1. Visit the UK’s only free-ranging reindeer herd in the Cairngorms
Do you need living proof that reindeer are not just for Christmas? Around 150 reindeer roam the Cairngorms in Scotland; throughout both summer and winter an experienced reindeer herder from the Glenmore centre leads visitors on a walk up the mountains to find them.
They’re a tame bunch, so you’ll be able to give them a stroke and take selfies as you please, providing your fingers don’t drop off in the cold. On that note, wrap up warmer than you think is possibly appropriate; Scotland doesn’t do winter in half measures.
2. Sing away the winter blues in Northumberland
Now, this isn’t the sort of winter break you’d want to invite your tone-deaf mate on. The Unthanks Singing Weekends are run by Mercury Prize-nominated musician sisters Rachel and Becky Unthank, who host visitors in the Northumberland countryside for a weekend of walking, singalongs and pub grub.
Their mantra is simple: “a down to earth, inclusive experience, designed to bring people together for the joy of group singing and good company”. Better start practicing in the shower, people.
3. Pretend you’re in Game of Thrones at the Dark Hedges, Northern Ireland
This otherworldly avenue of inward-leaning, gnarled trees is one of the most stunning and photogenic spots in the whole of Northern Ireland. So photogenic, in fact, that it is used in Game of Thrones as the filming location for the Kingsroad.
You can visit the Dark Hedges all year, but there’s something quite magical about coming here during the winter, when the leafless branches may well be covered in a layer of snow.
4. Take a Mediterranean escape… in Wales
The technicoloured village of Portmeirion, in northwest Wales, is unlike anywhere else in the UK. In the 1920s, eccentric architect Clough Williams-Ellis dreamt of building an ideal village, and this fantastical Italianate settlement is the result.
On top of its peculiar hotch-potch of Mediterranean architecture and subtropical gardens, Portmeirion has been known to get unusually balmy weather during the winter – possibly due to the warm winds that blow down from nearby Snowdonia.
The place is chocker with visitors in the summer but pleasantly quieter in the winter, when you’ll have its piazzas and pastel-painted buildings near enough all to yourself.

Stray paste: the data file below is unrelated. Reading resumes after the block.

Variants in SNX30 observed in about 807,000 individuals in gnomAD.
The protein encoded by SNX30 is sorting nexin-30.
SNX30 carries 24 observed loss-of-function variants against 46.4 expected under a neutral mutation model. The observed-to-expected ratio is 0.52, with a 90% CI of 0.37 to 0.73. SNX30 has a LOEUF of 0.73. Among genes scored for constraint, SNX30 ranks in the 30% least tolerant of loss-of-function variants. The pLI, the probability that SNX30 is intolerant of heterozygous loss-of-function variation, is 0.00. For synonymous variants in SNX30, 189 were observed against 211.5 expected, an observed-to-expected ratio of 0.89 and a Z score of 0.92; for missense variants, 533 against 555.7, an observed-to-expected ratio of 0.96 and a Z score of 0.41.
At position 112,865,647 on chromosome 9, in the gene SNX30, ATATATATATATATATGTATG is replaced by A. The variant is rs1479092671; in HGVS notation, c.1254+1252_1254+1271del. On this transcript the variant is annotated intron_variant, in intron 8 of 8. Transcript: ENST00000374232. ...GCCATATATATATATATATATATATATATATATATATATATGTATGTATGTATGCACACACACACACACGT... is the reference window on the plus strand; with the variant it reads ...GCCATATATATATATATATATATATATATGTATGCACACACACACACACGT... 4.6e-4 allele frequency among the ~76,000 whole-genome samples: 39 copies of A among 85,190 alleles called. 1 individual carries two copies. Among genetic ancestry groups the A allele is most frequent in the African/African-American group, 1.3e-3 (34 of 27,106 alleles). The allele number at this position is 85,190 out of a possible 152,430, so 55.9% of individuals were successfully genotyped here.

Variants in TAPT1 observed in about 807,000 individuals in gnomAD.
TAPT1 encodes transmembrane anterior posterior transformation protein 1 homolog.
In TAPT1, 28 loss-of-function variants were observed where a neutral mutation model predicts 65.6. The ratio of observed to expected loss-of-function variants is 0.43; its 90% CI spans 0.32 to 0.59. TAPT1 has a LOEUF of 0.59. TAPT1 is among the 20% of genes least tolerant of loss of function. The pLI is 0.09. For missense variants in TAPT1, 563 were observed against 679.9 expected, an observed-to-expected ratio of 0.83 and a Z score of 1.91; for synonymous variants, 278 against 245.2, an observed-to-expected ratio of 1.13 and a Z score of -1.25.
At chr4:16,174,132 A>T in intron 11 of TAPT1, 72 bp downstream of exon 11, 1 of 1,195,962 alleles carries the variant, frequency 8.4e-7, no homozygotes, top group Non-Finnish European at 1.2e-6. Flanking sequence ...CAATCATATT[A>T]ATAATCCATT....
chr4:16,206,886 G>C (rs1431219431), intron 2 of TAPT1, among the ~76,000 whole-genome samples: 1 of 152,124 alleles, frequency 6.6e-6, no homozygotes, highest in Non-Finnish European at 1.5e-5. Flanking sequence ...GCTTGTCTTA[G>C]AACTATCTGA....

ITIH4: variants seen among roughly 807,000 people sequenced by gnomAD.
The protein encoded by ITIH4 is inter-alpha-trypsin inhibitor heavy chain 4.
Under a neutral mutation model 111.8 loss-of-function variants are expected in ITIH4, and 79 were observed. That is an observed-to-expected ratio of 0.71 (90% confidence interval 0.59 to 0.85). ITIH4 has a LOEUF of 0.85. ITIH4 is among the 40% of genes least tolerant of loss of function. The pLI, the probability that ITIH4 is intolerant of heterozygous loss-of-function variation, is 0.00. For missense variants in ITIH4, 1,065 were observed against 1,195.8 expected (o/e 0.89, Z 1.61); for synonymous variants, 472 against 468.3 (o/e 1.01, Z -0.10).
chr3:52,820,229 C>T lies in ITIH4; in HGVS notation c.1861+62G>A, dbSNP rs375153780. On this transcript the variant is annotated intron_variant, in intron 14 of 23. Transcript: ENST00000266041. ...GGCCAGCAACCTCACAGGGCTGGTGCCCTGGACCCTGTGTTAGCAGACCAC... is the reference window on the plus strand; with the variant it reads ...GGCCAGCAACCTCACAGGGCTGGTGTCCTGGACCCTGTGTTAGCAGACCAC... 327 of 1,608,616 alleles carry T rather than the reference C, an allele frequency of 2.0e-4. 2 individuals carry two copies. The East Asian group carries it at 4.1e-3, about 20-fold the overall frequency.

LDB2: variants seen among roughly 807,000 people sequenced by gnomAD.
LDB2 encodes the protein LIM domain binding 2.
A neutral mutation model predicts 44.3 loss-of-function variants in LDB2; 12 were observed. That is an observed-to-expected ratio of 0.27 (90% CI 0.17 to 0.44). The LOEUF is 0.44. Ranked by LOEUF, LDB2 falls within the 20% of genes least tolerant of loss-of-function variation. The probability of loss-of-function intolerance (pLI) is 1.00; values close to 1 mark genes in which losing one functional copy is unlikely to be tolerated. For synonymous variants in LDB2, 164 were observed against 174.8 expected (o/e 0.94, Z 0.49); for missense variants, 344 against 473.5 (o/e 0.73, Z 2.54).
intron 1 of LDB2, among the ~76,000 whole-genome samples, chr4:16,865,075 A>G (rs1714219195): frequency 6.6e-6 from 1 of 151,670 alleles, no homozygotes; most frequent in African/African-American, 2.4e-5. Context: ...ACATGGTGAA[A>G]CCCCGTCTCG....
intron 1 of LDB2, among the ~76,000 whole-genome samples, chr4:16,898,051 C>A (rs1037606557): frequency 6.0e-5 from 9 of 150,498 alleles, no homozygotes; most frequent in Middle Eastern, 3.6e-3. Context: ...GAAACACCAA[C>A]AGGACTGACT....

5. Learn how to survive in the woods in the East Midlands
If your idea of a perfect winter break involves sitting by a fireplace, mug of mulled wine in right hand, mince pie in left, you should probably scroll past this one.
This winter break is all about getting back to nature. Dave Watson at Woodland Survival Crafts runs “bushcraft” weekend trips throughout the year, where you get to make fires using natural materials, forage for food and – in the Winter Bushcraft Course – learn how to survive overnight without a sleeping bag.
Think husky sledding is all about gliding across thick Alaskan snow, through dense pine forests to some hidden wooden cabin? Think again. The guys at adventure company Arctic Quest have set up a dog sledding track at Croft Farm, in Gloucestershire. The “sled” is really a kind of stand-up, three-wheeled bike-like mechanism, pulled along by a couple of huskies.
Day trips are available, but in the overnight experience you can stay in the Sami Tipi or the Herder’s Hut. If you go for this option, you can spend some of the money you saved on not booking flights to Lapland on extra bags of firewood.
7. Witness the northern lights in Shetland
The northern lights are actually visible all over the UK, occasionally as far south as Kent during particularly violent solar storms – but the best chance of catching the aurora borealis is by travelling to the northernmost reaches of the British Isles.
Closer to the North Pole than anywhere else in the country, Shetland is statistically the best place to catch the flickering lights known locally as the “merrie dancers”. The elusive natural phenomenon is hard to predict, and cloud cover is always a possibility up here, so consider a week-long trip – maybe hopping between Orkney and Shetland – to maximise your chances of catching the show.
8. Go walking with wolves* in Cumbria
OK, the asterisk is because they’re not fully fledged wolves but rather a wolf hybrid pack (wolf-wolves aren’t allowed to be kept as pets in the UK). But don’t let this deter you from considering this unique experience.
Nearby to Humphrey Head, the site where the last wolf in England was killed in the fourteenth century, the folks at Predator Experience have set up a “Walking with Wolves” experience. On this you can take a stroll through the Lake District with Maska and Kajika (the pack) and – if you’re lucky – hear them howl.